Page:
Tuesday, June 23, 2009

Class Work, Blog Work

I am currently taking a class on how Multiculturalism affects Politics and Adult Education. I wanted to share this with you:

1. How is multiculturalism related to power and politics?

The lecturette defines multiculturalism as “a set of social or political ideals and policies.” Due to this definition, it has inherent political and power-dynamic connotations. Politics more frequently is about what group controls power in a given society. Often times, a way for a dominate culture to stay in power is through misrepresentation of social groups, continuing stereotypes that are not based in fact, and “shoring up the base” in a way that is frequently xenophobic. Multiculturalism helps to fight this xenophobia.

As the liberal approach suggest, state institutions are often an avenue to get a multicultural education. Since the education system in America is run by the state, often times the way multiculturalism is taught is based on what party or coalition runs the state government. For example, in California and Massachusetts, standard curriculum teaches about LGBT families due to the population of those states having a large amount of LGBT families and being run my more progressive government coalition. In Georgia, LGBT awareness (at least in the experiences I have heard) is not part of the standard curriculum. Our state is run by people who hold a conservative view of multicultural education. They would argue that this topic is better left to the parents or churches to teach their children.

2. What are the kinds of educational and/or social change envisioned by conservative, liberal, and radical views of multicultural education?

Conservative and Liberal viewpoints have many similarities about multicultural education. Both of these assume a “Lockean ideology,” (aka The Protestant Work Ethic) that says people who are equal before the law can work hard and succeed in a capitalist society. To conservatives, the reasons individuals fail are natural differences between individual talent and effort. Conservatives dismiss or curtail the group affiliates of individuals, instead making the individual to main unit of analysis. Conservatives generally believe that the private sector is the best teacher of multiculturalism. For example, churches or social groups are better at education people on multicultural issues than a state-run school.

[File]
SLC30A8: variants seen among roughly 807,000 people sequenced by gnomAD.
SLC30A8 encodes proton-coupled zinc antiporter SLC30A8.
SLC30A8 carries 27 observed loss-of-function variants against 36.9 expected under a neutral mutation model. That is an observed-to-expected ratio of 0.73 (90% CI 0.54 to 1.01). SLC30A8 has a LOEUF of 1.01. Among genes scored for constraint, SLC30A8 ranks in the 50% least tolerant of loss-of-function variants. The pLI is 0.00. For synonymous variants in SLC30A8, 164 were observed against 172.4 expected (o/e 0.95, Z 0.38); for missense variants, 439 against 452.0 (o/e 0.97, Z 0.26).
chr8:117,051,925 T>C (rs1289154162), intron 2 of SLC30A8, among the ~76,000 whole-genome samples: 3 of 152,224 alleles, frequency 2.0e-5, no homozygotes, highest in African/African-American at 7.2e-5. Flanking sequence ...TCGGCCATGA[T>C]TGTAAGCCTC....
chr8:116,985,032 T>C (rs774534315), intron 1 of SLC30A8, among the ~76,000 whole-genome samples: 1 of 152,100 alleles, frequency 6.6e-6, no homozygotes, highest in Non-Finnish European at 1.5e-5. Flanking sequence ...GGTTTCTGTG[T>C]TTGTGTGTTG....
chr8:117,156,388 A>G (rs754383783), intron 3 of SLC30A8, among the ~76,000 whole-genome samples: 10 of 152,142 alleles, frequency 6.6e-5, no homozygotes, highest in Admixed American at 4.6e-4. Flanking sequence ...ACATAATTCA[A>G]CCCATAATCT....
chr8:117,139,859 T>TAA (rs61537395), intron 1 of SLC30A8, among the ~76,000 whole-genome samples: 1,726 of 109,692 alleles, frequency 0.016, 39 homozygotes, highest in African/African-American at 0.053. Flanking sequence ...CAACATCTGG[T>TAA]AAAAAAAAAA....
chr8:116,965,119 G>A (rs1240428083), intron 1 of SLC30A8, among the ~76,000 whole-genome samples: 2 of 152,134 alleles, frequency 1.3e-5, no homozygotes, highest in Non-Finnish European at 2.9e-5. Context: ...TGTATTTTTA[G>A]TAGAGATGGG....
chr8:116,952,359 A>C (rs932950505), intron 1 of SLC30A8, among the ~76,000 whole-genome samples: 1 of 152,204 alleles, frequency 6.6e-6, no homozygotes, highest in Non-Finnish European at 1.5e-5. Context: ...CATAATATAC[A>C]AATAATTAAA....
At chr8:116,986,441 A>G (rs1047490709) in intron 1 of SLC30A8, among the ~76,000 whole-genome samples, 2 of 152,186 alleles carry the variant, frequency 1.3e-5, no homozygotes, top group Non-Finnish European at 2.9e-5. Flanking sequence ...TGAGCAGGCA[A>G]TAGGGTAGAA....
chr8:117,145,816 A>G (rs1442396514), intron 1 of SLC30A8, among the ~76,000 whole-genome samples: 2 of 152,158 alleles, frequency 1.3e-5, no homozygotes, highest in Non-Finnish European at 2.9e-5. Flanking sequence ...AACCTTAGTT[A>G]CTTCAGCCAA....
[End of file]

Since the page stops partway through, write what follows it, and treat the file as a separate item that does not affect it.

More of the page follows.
Liberals also hold a Lockean ideology, but instead acknowledge the past discrimination of groups. They believe it is the duty of the government to correct these past wrongs.

One example of doing this would be affirmative action. In it, the government ensures that minority-status students have access to education and jobs. Theoretically, this would eventually be phased out; as minority groups get access to education and jobs, the system will no longer need affirmative action. However, even with the slight rise of African-Americans and the tremendous rise of women in Higher Education, these two
groups still remain oppressed in our society. What is shows is that access to higher education and jobs may not be the great equalizer it was once believed to be by both conservatives and liberals.

Radicals break with their conservative and liberal counterparts when it comes to Lockean ideology. They also look to group and group relations as the unit of analysis for their studies. Instead, they believe that group behavior can best be understood by societal structures. Most radicals believe that the societal institutions are fundamentally flawed, and that working from within the institutions, as liberals advocate, will never be able to bring about the fundamental change that is required. They advocate for organized collective action to help address the injustices in society experienced by oppressed groups.